On issues such as trade and the IMF, social activists are hanging tough. They want restrictions on international family planning before they will provide cash for the fund, while others demand reforms to make the international lending agency more accountable. "It's unfair to say social conservatives are antitrade," says Senator John D. Ashcroft (R-Mo.), a Christian Coalition favorite in early jockeying for the 2000 GOP Presidential nomination. "They're not for trade at any price."
Exporters counter that by failing to shore up the IMF, the GOP heightens the risk that the Russian and Asian crises could wreck the U.S. economy. "We've got bleeding patients in the emergency room, and we're debating procedures," snaps William J. Hudson, CEO of AMP Inc., a Harrisburg (Pa.) manufacturer of electronic connectors.
On economic engagement with China, even the Religious Right is split. Christian Coalition founder Pat Robertson, who has business ties in China, favors expanded trade. Bauer and religious broadcaster James C. Dobson, head of the powerful Focus on the Family group, oppose it and back legislation that would penalize Beijing and other regimes that persecute religious minorities. "Republicans ought to be the party of business," says consultant Ralph Reed, former executive director of the Christian Coalition. "But the Coalition is now being spread over barbed wire by other social conservatives for its pro-China trade stance."
One CEO firmly in the China camp is Amway's Dick DeVos--though that's not surprising given the millions he has bet on Beijing. "We want economic and political freedom in China," he says. "It's not a question of strategy, but of tactics. I prefer to focus on the issues and not attempt to attach extraneous riders" to China trade bills. C. William Zadell, CEO of Millipore Corp., a Bedford (Mass.) filter maker that has just opened a manufacturing plant in China, is just as adamant. "When Republicans ran the Administration, Democrats harped on human rights," he says. "Now the Religious Right is doing it. We'd make a giant mistake if we start putting sanctions on our business with China."
-- Social Issues. While some executives sympathize with conservative social crusades, others find them disruptive. The campaign to end affirmative-action preferences is a good example. Big-company CEOs are comfortable with the current system, which sets goals and timetables for the hiring and promotion of women and minorities. But the commitment to diversity clashes with social activists' demands for a "color-blind society." Conservatives led the fight for a 1997 California ballot initiative that ended state affirmative-action programs and want to take the battle nationwide. They're furious that business isn't backing them.
Immigration is another hot-button topic. Hill populists want to restrict quotas and reduce benefits for legal immigrants. High-tech industries worry that the drive will cut off the flow of engineers and software developers. They want Congress to grant a waiver for highly skilled workers.
Big Business and social crusaders also clash over education. The latter faction considers the President's plan to spend more on schools and set national education goals a Big Government abomination. But even execs who admire the GOP's call for school vouchers fear that greater choice alone won't produce the workforce of the future.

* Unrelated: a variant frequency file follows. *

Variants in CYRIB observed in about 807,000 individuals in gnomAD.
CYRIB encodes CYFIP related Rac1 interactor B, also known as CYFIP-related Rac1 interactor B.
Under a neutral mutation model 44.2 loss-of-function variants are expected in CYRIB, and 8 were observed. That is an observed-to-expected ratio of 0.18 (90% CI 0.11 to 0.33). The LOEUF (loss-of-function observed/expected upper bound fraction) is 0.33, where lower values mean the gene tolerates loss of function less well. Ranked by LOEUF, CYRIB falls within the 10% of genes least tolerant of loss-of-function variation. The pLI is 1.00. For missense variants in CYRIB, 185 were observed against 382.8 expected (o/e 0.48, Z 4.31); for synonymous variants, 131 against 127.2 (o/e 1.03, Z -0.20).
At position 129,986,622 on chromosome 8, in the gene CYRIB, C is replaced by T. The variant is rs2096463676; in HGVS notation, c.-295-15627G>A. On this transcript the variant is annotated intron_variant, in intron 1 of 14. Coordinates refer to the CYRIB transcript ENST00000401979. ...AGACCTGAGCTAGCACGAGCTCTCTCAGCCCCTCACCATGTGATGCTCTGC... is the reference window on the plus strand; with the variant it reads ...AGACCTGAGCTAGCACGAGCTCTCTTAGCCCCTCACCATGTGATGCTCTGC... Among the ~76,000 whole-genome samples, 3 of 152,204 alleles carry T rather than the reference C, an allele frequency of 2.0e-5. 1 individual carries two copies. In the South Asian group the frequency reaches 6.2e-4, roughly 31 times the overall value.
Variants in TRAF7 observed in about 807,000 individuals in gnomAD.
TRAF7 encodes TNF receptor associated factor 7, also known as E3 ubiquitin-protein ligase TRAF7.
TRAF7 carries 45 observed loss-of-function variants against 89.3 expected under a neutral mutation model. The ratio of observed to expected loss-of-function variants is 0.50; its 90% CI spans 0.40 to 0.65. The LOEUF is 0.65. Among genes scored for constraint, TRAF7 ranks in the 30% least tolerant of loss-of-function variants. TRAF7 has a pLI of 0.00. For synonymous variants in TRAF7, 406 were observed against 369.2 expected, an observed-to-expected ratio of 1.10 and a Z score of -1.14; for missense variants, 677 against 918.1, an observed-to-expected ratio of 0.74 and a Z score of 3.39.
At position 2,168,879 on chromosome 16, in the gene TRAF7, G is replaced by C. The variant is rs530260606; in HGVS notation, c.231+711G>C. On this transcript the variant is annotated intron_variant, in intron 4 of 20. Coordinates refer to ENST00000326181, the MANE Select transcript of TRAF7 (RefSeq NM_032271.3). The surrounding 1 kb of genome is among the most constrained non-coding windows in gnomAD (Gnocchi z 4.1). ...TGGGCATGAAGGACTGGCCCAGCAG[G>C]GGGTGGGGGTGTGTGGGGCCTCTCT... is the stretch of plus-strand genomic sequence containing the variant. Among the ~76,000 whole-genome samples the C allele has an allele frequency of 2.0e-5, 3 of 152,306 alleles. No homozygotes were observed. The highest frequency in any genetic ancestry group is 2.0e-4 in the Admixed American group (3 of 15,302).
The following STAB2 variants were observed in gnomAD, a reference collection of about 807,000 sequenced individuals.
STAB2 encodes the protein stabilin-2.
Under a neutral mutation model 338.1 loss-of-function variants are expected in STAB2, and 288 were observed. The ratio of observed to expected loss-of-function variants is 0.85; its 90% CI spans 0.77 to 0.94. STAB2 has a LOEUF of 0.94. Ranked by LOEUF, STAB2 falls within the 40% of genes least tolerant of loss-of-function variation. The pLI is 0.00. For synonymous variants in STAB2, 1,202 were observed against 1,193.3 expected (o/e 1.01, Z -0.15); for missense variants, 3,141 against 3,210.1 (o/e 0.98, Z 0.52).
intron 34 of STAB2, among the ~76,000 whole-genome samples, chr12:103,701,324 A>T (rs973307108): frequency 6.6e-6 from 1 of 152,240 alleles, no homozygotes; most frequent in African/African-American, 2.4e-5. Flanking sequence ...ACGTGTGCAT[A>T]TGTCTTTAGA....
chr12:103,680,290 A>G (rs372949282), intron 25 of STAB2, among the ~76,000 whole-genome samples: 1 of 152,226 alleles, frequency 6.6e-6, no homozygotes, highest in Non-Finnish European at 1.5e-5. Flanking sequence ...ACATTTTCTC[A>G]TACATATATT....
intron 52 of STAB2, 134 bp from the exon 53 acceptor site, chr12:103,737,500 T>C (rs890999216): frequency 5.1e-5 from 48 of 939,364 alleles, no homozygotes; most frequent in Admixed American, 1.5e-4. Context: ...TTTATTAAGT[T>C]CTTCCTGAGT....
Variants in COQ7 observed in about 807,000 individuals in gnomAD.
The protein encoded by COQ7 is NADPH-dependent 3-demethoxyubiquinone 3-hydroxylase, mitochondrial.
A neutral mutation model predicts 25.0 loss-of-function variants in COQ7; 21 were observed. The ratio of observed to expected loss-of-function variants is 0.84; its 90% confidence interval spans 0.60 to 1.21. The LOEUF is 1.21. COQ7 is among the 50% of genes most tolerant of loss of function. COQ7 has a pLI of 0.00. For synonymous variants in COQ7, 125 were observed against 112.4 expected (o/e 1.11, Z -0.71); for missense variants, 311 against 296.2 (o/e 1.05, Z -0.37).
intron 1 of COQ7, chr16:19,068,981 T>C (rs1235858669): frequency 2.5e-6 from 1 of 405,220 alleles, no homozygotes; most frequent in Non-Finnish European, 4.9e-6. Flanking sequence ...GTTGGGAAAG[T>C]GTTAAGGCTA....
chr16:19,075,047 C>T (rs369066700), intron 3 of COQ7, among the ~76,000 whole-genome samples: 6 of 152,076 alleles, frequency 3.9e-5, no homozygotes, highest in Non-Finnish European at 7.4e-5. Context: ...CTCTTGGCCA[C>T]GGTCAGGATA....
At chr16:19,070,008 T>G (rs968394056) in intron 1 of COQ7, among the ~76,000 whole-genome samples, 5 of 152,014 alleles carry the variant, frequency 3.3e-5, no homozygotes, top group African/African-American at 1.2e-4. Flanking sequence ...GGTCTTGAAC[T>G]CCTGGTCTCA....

-- Tax Policy. Business execs hate the Internal Revenue Service just as much as GOP hard-liners--if not more so. Still, they differ over which tax policy makes the most economic sense. Concerned about boosting savings and investment, the boardroom crowd favors cuts in capital-gains taxes, liberalized write-offs for plant and equipment, and lower marginal rates.
But often the Republican majority seems to be more interested in mollifying the Religious Right than in listening to economic conservatives. Hill Republicans pay lip service to a "fairer, flatter" tax code while their energy is focused on a drive to cut the "marriage penalty" by $70 billion. And GOP lawmakers continue to champion a grab bag of "equity" tax breaks favored by religious conservatives--such as deductions for stay-at-home moms and a new tax-sheltered account for private and religious education.
"Republicans are betwixt and between," says former White House Chief of Staff Leon E. Panetta. "They're trying to decide whether their voting base is more important than their business-money base."
Indeed, the conflict between traditional Northeastern Republicans and Sunbelt populists predates the current dustup. In the Fifties, a rising politician named Richard M. Nixon spoke for a new generation of Western Republicans who blasted the Eastern Establishment. In 1964, Barry Goldwater routed the Rockefeller Republicans by harnessing rank-and-file hatred of Big Government and Communism. But Goldwater was a libertarian when it came to social issues, opposing federal intervention both in the boardroom and the bedroom.
SOUTHERN STRATEGY. A turning point came in 1980, when Ronald Reagan expanded the party base by attracting millions of blue-collar workers and conservative Christians, many of them from the South. The demographic shift accelerated in recent years with the collapse of the Democratic Party in many Southern states.